Individual Bankruptcy: 7 Frequently Asked Questions

When a person is unable to pay off their creditors, they can file for bankruptcy, declaring that they don’t have the financial means to do so.  While bankruptcy may sound like an easy way out of your financial woes, it is a complex procedure and does not mean that you’ll no longer be needed to clear your debts.

You can begin your financial life afresh after entering bankruptcy; however, take the decision only after consulting an insolvency expert to know what you’re getting into and how it will affect your future income. Here are seven frequently asked questions that will help you understand the process.

Can an individual enter bankruptcy?

Yes. Anyone can file for bankruptcy. Whether you are a company, partner in a firm, self-employed professional or a solo entrepreneur, you can claim bankruptcy if you’re unable to pay your debts. Your creditors can also file a bankruptcy request against you in court if you’ve been unable to pay them.

What are the major effects of entering bankruptcy on the life and work of a person?

Several legal restrictions come into effect once an individual is declared bankrupt. Some of the implications of entering bankruptcy are as follows.

  • You may lose your personal assets so that your creditors can be paid fairly.
  • Bankruptcy affects your credit rating negatively.
  • You can begin anew financially; however, restrictions apply. For instance, you cannot open a new bank account without informing the bank of your bankruptcy status. You may not use overdraft facility or issue cheques.
  • Your future income may be charged to pay creditors.

Will I lose my job if I declare bankruptcy?

If you’re self-employed or hold a normal job, you need not worry. However, some professionals, such as chartered accountants and lawyers, cannot continue practice if they are bankrupt. Directors of companies can continue their jobs if allowed by the court of law. Also note that a bankrupt person cannot apply to be recruited by the police force or the army.

Will I have to sell my house?

You may have to sell your house to pay off debts, unless you have other means to do so or a third party has beneficial interest in the said property or if your bankruptcy has been discharged (annulled).

If you share the house with your family, you may get permission to stay for the next one year. After that your property may be put up for sale in order to pay off your creditors.

Is a bankrupt person restricted by the law in terms of financial activities?

Bankruptcy generally lasts for one year but your future income may continue to be charged for three years after declaring bankruptcy. Until an individual is discharged from bankruptcy, they are forbidden from taking a loan of over £500 without informing the lender of their bankrupt status.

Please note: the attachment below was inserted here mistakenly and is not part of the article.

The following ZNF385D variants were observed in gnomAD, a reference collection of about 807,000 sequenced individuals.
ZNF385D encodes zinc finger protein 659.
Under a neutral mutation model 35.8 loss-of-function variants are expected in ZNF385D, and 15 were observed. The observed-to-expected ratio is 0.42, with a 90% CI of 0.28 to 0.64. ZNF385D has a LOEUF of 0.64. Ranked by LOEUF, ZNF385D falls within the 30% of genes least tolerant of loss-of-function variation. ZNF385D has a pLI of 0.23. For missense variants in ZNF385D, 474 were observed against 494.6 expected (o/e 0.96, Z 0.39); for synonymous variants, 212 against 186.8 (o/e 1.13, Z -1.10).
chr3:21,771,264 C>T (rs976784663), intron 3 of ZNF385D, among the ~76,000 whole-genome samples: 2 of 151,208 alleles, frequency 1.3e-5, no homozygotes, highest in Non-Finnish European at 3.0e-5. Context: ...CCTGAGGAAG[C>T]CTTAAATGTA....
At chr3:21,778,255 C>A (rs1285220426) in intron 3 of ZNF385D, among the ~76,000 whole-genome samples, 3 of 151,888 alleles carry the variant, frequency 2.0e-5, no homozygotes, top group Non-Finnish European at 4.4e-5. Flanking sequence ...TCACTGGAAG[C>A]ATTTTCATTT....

Bankrupt persons are also restricted from running a business in a name different from the business linked to their bankruptcy. Additionally, you may not promote, form or manage a company without informing the court. Lastly, bankrupt individuals are not allowed to hold certain public office positions, such as that of an MP (Member of Parliament).

These restrictions apply only until you are discharged from bankruptcy. Your insolvency consultant should be able to advise you on the implications of incurring further debt during your bankruptcy term.

How do I gain more accurate and reliable information regarding the intricacies of personal bankruptcy?

You can get authentic information at this government website. For help with filing bankruptcy, preparing documentation and minimizing negative implications, consult an insolvency expert who can guide you and offer an alternative solution, such as an Individual Voluntary Arrangement (IVA) or a Debt Management Plan (DMP).

The licensed and experienced insolvency practitioners at have been helping corporate and individual clients with insolvency proceedings, business recovery and turnaround. You may contact them at any of their UK offices for advice regarding bankruptcy.

Will my name be published in online and offline newspapers and other publications?

It’s been over a decade since the practice of mentioning the bankruptcy applicant’s name in publications was common. It does not happen these days unless required by a specific situation or circumstance.

As far as paper publications are concerned, except the London Gazette, the bankruptcy notice does not appear anywhere else. This, however, is also the responsibility of the company handling your bankruptcy procedures. You need not worry about online publications, as the only place where your bankruptcy will be mentioned is the Individual Insolvency Register (IIR).

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